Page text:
Savory crepes are a French classic which is traditionally fill with eggs, cheese, vegetables, and more. These crepes can also be made gluten free by using buckwheat instead of wheat flour.
A French friend of mine once said to me “the perfect meal has both savory and sweet crepes” i.e. savory crepes as the main and sweet crepes for dessert.
While crepe literally translates as pancake, I don’t think anyone imagines a tall stack of flapjacks with maple syrup running down the sides.
Instead, they probably think of indulgent breakfast that feels more like dessert topped with berries, powdered sugar, chocolate and/or creme.
In France, however, there are two types of crepes, and neither of them are the decadent ones we are used to.
Sweet crepes or crêpes sucrées are a dessert served with Nutella, cream, or jam.
Savor crepes, known as crêpes salées, are eaten as a main dish for lunch or dinner. A French friend of mine says a good meal should have both.
While sweet crepes are made with white flour, savory crepes are often made with buckwheat flour.
This is both a healthier alternative as well a gluten free option that adds a nutty earthy flavor.
Savory crepes are filled with cheese, eggs, mushrooms, vegetables, fish, or various meats.
Depending on the filling they are rolled, folded in half, or have the edges folded over creating a square.
Meats, veggies and fish tend to be rolled, cheese is usually folded in half like an omelet, and more often than not sunny side up eggs have the edges folded over.
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What you need
HOW TO MEASURE FLOUR AND OTHER DRY INGREDIENTS
Using a dry measuring cup, scoop ingredients from the bag or spoon them into the cup.
Next, level off the ingredient by removing the excess with an upside-down butter knife.
The one exception to this is brown sugar. Brown sugar should be packed down and then any excess should be scraped off as well.
DRY VS LIQUID MEASURING CUP
Ever wonder why measuring spoons often come with a set of measuring cups? I used to. I didn’t see why we needed a set when we could have one large measuring cup.
After a quick search, I had my answer. I discovered that the large measuring cup is used for liquids, whereas the set is used for dry ingredients.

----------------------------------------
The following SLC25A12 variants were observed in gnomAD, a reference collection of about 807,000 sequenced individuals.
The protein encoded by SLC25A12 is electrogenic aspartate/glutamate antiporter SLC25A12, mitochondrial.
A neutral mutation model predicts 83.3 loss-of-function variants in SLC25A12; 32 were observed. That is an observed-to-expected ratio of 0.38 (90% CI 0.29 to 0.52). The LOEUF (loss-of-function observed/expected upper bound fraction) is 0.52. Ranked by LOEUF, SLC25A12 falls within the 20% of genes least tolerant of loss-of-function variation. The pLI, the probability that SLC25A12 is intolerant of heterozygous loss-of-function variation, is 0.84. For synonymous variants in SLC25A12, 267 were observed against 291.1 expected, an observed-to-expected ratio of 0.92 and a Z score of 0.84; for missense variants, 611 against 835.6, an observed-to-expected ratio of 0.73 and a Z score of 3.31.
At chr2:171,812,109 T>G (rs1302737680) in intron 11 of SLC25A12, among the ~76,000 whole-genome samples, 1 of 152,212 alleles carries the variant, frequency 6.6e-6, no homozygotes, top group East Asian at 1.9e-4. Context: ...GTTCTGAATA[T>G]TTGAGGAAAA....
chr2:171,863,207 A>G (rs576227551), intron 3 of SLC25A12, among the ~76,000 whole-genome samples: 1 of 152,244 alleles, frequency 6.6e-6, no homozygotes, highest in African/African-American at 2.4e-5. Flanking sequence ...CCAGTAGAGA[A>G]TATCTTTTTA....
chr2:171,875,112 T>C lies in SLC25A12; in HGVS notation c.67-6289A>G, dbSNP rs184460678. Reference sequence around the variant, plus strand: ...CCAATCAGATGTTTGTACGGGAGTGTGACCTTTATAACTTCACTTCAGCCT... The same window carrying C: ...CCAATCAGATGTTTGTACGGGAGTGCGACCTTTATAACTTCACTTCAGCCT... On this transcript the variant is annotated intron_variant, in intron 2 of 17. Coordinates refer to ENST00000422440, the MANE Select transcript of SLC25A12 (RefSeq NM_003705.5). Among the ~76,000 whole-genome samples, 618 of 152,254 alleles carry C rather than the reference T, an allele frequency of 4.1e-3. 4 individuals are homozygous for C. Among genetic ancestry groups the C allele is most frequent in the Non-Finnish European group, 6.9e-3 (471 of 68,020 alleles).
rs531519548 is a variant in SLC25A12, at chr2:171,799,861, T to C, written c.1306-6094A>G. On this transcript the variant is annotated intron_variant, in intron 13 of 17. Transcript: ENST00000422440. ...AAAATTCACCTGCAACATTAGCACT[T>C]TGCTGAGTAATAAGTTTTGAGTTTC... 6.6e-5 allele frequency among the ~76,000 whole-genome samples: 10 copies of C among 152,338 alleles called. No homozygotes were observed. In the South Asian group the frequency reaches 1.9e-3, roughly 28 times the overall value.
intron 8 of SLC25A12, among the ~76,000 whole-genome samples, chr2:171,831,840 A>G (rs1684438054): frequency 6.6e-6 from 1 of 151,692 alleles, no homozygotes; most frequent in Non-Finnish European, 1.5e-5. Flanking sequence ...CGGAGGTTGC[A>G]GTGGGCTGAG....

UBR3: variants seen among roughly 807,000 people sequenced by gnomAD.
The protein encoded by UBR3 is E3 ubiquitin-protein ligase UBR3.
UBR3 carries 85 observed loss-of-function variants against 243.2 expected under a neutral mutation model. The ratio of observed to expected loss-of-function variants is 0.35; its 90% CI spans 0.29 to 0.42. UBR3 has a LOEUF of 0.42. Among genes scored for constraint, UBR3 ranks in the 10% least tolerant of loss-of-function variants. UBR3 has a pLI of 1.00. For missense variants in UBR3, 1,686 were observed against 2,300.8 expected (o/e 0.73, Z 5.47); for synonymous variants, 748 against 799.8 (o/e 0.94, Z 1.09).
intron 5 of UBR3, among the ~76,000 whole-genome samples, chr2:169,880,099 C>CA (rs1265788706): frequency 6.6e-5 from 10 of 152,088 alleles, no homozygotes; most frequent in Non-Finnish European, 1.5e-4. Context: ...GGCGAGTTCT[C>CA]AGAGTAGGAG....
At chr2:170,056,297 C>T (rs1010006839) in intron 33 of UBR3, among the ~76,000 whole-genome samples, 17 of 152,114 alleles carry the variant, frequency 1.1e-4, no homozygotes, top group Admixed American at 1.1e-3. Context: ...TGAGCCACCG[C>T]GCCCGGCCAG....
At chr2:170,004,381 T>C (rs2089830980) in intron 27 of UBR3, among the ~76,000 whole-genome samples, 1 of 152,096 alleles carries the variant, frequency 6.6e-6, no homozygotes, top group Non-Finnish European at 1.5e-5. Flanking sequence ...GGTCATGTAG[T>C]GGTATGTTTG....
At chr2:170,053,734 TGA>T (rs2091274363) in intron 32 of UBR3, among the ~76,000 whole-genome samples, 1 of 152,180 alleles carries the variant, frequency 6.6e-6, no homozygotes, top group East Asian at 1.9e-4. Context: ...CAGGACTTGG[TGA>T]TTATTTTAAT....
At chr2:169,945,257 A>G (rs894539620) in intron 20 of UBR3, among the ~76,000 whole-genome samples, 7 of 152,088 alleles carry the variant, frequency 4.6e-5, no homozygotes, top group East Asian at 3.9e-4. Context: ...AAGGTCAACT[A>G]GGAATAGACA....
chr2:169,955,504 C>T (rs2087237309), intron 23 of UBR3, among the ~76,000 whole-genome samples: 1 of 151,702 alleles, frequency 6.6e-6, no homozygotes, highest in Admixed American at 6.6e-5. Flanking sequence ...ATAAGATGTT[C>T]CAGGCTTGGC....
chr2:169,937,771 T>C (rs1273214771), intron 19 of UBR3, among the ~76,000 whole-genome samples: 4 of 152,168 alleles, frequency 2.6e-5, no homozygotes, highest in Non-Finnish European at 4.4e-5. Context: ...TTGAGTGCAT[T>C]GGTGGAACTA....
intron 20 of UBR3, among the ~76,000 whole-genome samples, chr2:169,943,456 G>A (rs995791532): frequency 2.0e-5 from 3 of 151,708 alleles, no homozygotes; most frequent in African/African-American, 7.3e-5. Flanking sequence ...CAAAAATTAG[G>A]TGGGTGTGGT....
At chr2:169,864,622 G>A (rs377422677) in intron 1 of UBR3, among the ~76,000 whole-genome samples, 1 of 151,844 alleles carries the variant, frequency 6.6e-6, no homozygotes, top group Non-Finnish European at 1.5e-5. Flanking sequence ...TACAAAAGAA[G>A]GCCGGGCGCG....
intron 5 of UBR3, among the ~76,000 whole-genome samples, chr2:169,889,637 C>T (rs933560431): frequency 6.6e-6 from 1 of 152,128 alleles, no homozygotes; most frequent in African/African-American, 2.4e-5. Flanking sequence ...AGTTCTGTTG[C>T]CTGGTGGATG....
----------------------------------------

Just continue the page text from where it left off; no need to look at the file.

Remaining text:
As it turns out, if you try to measure dry ingredients with a liquid cup, the measurements get messed up.
First, you pour the flour or cocoa in, next you shake it around to get it level, and then you add more.
By shaking it, you are causing the powder to settle, and when you add more, you end up using more than called for.
WHY SIFT FLOUR and Other Powder Ingredients
There are a number of benefits to sifting flour and other ingredients like cocoa ingredients:
It removes any unwanted debris and you can get a more accurate measurement than when packed tight in a bag.
It also removes any lumps that can get into the batter and be hard to break up later, or be missed altogether before baking.
If you sift the powdered ingredients together, it helps combine them and mix more evenly with other dry ingredients like sugar.
WHICH TYPE OF OIL TO USE
I use neutral oils like canola oil, safflower oil, and vegetable oil. However, if preferred, oils with stronger flavors like coconut oil can be used.
Crepes are actually perfect to make ahead because the batter always cooks more evenly when it has rested overnight. Then remove and let sit for an hour at room temperature for a lighter-than-air texture.
If you only want to make it a few hours ahead that’s fine too, but still make sure to let it sit for at least an hour at room temperature before cooking.
How to Store
Layer the crepes between parchment to avoid sticking. Then store them in a resealable plastic bag. Keep in the fridge for up to five days.
How to Freeze
Layer the crepes between parchment to avoid sticking. Then store them in a resealable freezer bag. Freeze for up to 2 months.